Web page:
Sunday, 20 January 2013

Ghormeh-Sabzi - Persian Herb Stew - قورمه‌ سبزی


Persian dishes unite flavours of very simple ingredients rather than overpowering subtle flavours of each ingredient with spices or pungent sauces. A very simple ingredient that is not abundantly utilised in most cuisines are herbs. In Iran to this day, herbs take centre stage and without them cooking some dishes is impossible. There are not many traditional fresh salads and vegetable side dishes served with meals, but instead the use of vegetables and herbs has been incorporated in main dishes.  Eating fresh herbs with a meal is another popular way of eating lots of herbs. 

We decided to introduce the most loved herb stew now rather than later and seriously stress about the complexity of this dish.

Ghormeh-Sabzi is simply the queen of all herb stews. The North's eating culture is completely different to the rest of the country and Ghormeh-Sabzi can be served there for a family meal usually during winter. Generally, a laborious dish like this one is only prepared for loved ones and in special occasions to impress guests.  Mastering this dish is the pride and joy of every mother and wife. So important is this dish, that herbs used to be sun dried and kept in the pantry to be cooked when special herbs were out of season.  Of course now, fried herbs are kept frozen for convenience. 


Like all great dishes, the secret ingredients are plenty of love, patience and most importantly expertise.  A great tip for mastering this dish is first to know the flavour and texture of a great Ghormeh-Sabzi and secondly practise with your perfectionist hat on! 




Ingredients:

1 big bunch Parsley
1/2 a bunch Coriander (optional)
A hand full of Spinach Leaves (optional)
1 small bunch Fenugreek
1/2 a bunch Baby Leeks
4 Cups water
400g Lamb, cubed
1 Medium Onion, chopped
1 Can Red Kidney Beans (390g)
3-4 Dried Limes, halved and seeds removed
Salt and Pepper
Lemon Juice
Oil for cooking




Method:

  1. Finely chop all the herbs either by hand or in a food processor.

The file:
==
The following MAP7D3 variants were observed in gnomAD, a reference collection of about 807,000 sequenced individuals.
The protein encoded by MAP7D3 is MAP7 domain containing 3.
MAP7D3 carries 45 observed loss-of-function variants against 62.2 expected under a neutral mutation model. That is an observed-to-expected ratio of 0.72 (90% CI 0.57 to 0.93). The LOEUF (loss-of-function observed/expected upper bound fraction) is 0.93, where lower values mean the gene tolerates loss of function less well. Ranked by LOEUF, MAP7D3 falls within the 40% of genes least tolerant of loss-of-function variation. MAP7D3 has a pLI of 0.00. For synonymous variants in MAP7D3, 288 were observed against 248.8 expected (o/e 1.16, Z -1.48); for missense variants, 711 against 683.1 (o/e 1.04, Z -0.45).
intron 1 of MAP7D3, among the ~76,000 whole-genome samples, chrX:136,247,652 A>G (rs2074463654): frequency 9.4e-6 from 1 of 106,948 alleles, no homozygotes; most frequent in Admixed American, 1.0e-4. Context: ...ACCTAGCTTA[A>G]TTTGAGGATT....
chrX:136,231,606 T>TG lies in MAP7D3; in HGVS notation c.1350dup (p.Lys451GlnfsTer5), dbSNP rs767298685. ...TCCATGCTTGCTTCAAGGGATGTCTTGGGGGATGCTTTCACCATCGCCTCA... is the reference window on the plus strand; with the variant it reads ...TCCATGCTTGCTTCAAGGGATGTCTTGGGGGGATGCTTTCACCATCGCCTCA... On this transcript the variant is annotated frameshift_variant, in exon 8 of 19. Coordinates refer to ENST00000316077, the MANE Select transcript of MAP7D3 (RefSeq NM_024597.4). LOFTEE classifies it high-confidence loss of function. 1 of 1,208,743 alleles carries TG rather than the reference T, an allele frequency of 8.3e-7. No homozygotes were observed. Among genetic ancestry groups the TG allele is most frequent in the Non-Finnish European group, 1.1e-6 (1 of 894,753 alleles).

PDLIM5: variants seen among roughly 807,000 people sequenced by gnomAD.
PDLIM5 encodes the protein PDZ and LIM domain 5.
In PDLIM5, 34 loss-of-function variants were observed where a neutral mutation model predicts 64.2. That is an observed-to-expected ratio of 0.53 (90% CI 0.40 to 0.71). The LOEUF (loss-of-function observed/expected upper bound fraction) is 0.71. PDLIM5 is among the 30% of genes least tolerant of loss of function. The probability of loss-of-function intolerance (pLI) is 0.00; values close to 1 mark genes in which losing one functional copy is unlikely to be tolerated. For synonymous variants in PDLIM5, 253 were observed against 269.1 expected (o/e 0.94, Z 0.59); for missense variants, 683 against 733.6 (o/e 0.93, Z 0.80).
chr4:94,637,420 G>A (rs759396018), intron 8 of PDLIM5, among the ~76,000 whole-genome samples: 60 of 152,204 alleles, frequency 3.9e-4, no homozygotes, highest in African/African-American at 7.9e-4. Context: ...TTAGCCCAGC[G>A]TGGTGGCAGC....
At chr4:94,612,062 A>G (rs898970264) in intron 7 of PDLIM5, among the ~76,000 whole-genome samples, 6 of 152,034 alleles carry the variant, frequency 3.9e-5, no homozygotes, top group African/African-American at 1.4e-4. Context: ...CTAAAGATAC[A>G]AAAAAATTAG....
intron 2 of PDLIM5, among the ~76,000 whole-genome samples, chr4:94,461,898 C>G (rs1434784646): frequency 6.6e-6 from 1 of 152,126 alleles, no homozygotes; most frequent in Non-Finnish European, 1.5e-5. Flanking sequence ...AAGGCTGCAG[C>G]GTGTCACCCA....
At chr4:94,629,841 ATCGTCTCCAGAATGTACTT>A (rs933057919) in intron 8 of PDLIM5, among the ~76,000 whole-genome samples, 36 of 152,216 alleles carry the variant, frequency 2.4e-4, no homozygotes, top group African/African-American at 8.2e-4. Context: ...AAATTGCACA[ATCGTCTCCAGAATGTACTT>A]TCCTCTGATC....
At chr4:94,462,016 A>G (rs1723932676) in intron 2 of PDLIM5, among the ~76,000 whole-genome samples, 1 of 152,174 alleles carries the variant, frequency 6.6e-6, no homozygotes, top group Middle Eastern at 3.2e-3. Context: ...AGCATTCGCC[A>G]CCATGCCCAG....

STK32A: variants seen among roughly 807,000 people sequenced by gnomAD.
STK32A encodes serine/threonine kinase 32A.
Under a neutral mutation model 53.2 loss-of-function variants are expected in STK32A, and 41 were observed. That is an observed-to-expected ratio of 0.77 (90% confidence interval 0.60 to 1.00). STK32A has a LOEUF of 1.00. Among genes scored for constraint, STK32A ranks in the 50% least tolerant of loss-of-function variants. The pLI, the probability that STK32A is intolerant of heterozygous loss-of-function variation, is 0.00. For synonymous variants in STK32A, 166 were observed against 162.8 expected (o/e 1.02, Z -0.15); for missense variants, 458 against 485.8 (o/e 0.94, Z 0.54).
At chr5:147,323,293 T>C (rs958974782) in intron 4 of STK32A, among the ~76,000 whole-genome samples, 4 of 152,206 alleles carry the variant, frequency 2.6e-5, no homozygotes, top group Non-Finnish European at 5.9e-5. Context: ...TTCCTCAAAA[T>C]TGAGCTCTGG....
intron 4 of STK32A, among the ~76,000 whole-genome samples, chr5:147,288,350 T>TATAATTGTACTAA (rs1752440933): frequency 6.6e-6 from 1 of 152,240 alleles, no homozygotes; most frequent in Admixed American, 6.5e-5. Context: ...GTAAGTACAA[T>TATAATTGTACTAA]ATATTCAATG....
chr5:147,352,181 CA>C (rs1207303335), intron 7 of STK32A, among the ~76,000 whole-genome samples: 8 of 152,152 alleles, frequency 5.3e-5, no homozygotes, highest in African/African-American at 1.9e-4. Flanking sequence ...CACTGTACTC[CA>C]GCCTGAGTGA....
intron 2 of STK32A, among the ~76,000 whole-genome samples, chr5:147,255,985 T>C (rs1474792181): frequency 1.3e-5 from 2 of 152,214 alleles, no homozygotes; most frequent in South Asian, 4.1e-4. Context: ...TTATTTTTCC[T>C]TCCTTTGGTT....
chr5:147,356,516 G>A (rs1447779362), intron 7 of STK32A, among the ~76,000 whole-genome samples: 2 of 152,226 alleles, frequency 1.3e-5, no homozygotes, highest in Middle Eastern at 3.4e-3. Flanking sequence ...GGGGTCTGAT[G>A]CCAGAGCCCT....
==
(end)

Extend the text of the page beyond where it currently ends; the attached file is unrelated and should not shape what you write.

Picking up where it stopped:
2. In a fry pan, heat a couple of tablespoons of oil on high heat.
  3. Add the herbs and stir occasionally until herbs are soft. 
  4. Add a generous amount of oil, keep stirring continuously until herbs absorb all the oil and turn into a deep green colour.
  5. In a pot, brown onions with little oil.
  6. Add chopped meat and stir occasionally until the meat is sealed.
  7. Add water and simmer until the meat is just cooked (roughly 30 minutes).
  8. Add fried herbs, can of drained beans, dried limes and close the lid.
  9. Cook for a further 45 - 60 minutes.
  10. To check to see if the stew is done, look for a layer of deep green oil covering the surface of the stew.
  11. Adjust taste by adding lemon juice, salt and pepper.
 
A few points worth mentioning:
  • Fried herbs can be stored in a freezer bag and frozen until needed.
  • Coriander and spinach are not traditionally used in this dish, however it can be used as a substitute. As long as herbs are fried perfectly, it should not alter the taste significantly.
  • Dried beans can be used by soaking it overnight and cooking it with meat.
  • When frying herbs, if the colour has turned black, it's burnt and the delicate flavours are all lost and will taste slightly smokey in the finished stew.
  • Beef can be used instead of lamb. 

3 comments:

  1. My mom has made me this ever since i was little for 15 or so years, amazing dish that can be made by anyone. Looks bad but is one of the best foods ever. All of my friends that have tried it were surprised because it doesn't look that good.

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    Replies
    1. This is probably the case for most Persian dishes ... just got to try them :)

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  2. This is by far my most favorite Persian dish.! Never a disappointment. Thanks for sharing.

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